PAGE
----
Abu Dhabi, UAESunday 9 August 2020

It doesn't need to be lonely this Christmas

Even those spending the festive holiday with friends or family can buckle under the pressure of heightened expectations

Christmas can be a lonely time of year. Getty
Christmas can be a lonely time of year. Getty

This time of year comes with mixed blessings. The feelgood sentiment of “peace on earth and goodwill to all mankind” is a noble one but for some people living in the UAE, Christmas can be a real struggle.

Unfortunately, the reality of this winter holiday can sometimes fail to live up to expectations of peace and joy for all. For some, it can be a particularly lonely time while even those surrounded by family and friends occasionally find emotions coming to a head.

For those who are spending the festive season in isolation, separated from their loved ones, Christmas is often a particularly painful time. Feeling lonely is bad enough but feeling lonely when we imagine everyone else is experiencing enriching family gatherings hurts even more. We might have been feeling lonely all year – but the arrival of Christmas shines a light that makes those feelings even more painfully obvious.

Psychologists have come up with the theory of cognitive discrepancy, in which we experience loneliness when we perceive a gap between our desired and actual levels of social interaction. The larger the gap between expectation and reality, the more isolated we feel.

For many of us, the habit of being surrounded by other people at Christmas is ingrained from childhood. Finding ourselves alone with no one to even pull a cracker with is a stark reminder of just how isolated we are.

Some UAE residents from overseas might be fortunate enough to have family and friends in the country or are returning to their home country for the holiday period. However, even if we are fortunate enough to reconnect with loved ones, that can come with its own issues at this time.

Large extended family gatherings, gift shopping and party planning can all take a considerable toll on our stress levels. These prolonged get-togethers can give rise to unmet expectations, perceived slights and the reignition of unresolved personal disputes. Put those people in a confined space for a prolonged period of time and that can create a highly volatile situation.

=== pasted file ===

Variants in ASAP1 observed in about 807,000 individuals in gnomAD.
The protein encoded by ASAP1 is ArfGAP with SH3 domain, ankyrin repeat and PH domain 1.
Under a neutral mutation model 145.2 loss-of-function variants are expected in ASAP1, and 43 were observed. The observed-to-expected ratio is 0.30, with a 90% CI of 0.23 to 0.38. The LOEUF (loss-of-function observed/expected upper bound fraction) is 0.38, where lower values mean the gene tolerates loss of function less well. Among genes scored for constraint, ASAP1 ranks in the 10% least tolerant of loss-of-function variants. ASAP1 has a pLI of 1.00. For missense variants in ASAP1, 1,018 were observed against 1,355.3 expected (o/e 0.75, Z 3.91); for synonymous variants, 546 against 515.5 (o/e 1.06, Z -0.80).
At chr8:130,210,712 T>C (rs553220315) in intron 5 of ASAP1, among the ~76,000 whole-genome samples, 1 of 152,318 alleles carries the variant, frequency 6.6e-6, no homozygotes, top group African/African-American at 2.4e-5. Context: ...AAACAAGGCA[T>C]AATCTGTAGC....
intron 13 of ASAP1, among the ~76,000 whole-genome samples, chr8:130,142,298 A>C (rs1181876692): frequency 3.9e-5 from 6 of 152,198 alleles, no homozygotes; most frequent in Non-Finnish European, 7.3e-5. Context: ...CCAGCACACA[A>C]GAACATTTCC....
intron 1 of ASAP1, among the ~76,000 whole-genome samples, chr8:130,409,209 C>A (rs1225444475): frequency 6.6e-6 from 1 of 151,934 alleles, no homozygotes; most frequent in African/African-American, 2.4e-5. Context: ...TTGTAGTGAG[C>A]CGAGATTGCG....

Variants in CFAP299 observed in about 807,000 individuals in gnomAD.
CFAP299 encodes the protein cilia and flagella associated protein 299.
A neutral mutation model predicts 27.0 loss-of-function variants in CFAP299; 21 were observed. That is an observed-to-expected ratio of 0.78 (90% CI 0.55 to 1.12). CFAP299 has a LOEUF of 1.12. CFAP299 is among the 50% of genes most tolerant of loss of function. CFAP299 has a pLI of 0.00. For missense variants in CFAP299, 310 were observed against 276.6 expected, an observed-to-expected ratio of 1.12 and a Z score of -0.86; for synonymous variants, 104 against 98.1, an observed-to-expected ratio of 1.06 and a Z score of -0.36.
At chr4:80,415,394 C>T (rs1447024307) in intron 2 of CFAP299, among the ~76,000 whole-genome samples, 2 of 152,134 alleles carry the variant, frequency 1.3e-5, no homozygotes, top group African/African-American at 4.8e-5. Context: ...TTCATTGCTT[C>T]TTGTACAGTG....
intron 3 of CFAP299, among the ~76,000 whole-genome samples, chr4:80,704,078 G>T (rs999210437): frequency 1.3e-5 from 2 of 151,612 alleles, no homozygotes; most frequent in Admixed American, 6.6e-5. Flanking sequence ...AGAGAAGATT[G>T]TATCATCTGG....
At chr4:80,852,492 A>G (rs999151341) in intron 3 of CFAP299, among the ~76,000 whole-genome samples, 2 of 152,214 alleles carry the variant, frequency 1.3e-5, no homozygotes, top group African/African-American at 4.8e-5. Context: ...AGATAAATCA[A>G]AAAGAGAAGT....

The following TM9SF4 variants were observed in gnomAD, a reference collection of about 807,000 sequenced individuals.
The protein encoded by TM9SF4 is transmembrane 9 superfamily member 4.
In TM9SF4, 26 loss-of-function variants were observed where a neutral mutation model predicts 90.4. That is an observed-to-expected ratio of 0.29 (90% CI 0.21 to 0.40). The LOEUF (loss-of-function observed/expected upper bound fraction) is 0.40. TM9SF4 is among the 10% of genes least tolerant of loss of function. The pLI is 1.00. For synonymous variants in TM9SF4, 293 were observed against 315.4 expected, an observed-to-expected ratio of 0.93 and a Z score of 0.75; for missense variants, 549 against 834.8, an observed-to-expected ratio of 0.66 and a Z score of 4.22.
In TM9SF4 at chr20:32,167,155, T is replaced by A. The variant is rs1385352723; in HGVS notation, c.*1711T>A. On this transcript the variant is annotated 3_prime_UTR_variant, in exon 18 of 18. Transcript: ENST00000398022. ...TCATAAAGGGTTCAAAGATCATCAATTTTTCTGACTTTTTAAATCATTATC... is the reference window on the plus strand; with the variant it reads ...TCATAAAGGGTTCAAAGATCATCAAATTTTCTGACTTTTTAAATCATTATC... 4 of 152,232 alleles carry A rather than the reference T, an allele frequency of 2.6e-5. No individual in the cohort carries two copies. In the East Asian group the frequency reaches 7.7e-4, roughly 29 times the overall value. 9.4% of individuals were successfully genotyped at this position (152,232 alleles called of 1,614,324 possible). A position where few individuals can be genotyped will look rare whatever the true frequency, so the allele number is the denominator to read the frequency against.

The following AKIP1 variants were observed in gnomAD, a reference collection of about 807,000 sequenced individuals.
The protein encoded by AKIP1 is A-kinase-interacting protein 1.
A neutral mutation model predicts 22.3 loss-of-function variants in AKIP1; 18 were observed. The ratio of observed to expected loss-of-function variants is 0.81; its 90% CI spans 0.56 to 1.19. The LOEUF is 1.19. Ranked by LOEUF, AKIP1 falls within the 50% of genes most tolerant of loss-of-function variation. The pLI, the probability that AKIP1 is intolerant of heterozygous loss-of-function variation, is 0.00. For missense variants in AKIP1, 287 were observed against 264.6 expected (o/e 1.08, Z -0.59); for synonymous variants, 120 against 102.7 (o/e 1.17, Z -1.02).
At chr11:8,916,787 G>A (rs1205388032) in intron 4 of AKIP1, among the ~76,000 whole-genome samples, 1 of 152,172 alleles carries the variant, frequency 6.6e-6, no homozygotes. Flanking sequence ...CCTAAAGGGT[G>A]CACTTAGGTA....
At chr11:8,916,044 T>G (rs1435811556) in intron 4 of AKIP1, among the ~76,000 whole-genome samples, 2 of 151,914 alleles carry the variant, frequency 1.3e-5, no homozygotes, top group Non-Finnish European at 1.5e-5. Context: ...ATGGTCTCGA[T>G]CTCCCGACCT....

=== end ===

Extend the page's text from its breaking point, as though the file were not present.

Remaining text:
In a survey of 786 adults, published by the American Psychological Association, 44 per cent of women and 31 per cent of men reported that their stress levels increased during the holiday season. The higher number of stressed women was explained by them shouldering more responsibility for planning and preparation for Christmas and trying to ensure everyone was happy.

The survey also reported that one of the most significant sources of stress over the holiday period related to finances. Many of us face an advertising onslaught claiming happiness and joy can be bought expensively gift-wrapped at Christmas.

The commercialisation of the holiday has reached record levels. This year, spending on advertising over the holiday period is forecast to hit £6.4 billion (Dh29.69bn) in the UK, according to the Advertising Association. The hype surrounding the festive break promotes an angst-fuelled consumer excess that is powerful enough to drive some into debt.

As a consequence of Christmas excess, a number of countries record a considerable spike in consumer-related debt in January. Debt is a major contributor to stress and unhappiness. A study of 7,451 British adults, published in Psychological Medicine in 2011, found that personal debt was a significant risk factor in those contemplating suicide. However, according to Psychology Today, the highest suicide rate is during spring, not winter, with the holiday season acting as a buffer for those struggling with suicidal thoughts, who were at least protected by the proximity of relatives and the notion that their situation might improve. Spring, by contrast, roused feelings of hopelessness in those already suffering.


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With all the potential for stress, tense family exchanges and heightened emotions, it is unsurprising that January 8 is called “divorce day” because of the high number of couples seeking to split after an extended period of time together. The UK-based relationship counselling service Relate says there is enormous pressure and expectation of having a good time over Christmas. The desire for the whole family to get along with each other for tension-free fun and for problems to magically disappear adds another layer of stress to the equation, which can test relationships to their limit. According to a poll of 2,000 married people by UK legal firm Irwin Mitchell, one in five couples considered separating after spending the festive season together.

Fortunately, there are a number of effective ways to manage stress and loneliness. My own way of coping with such feelings is mindfulness-based stress reduction, which involves cultivating a more accepting and flexible approach to undesirable experiences, including loneliness. If you find yourself alone or lonely, that is one (free) gift to yourself that could get you out of a rut.

Dr Justin Thomas is a professor of psychology at Zayed University

Updated: December 24, 2018 01:41 PM



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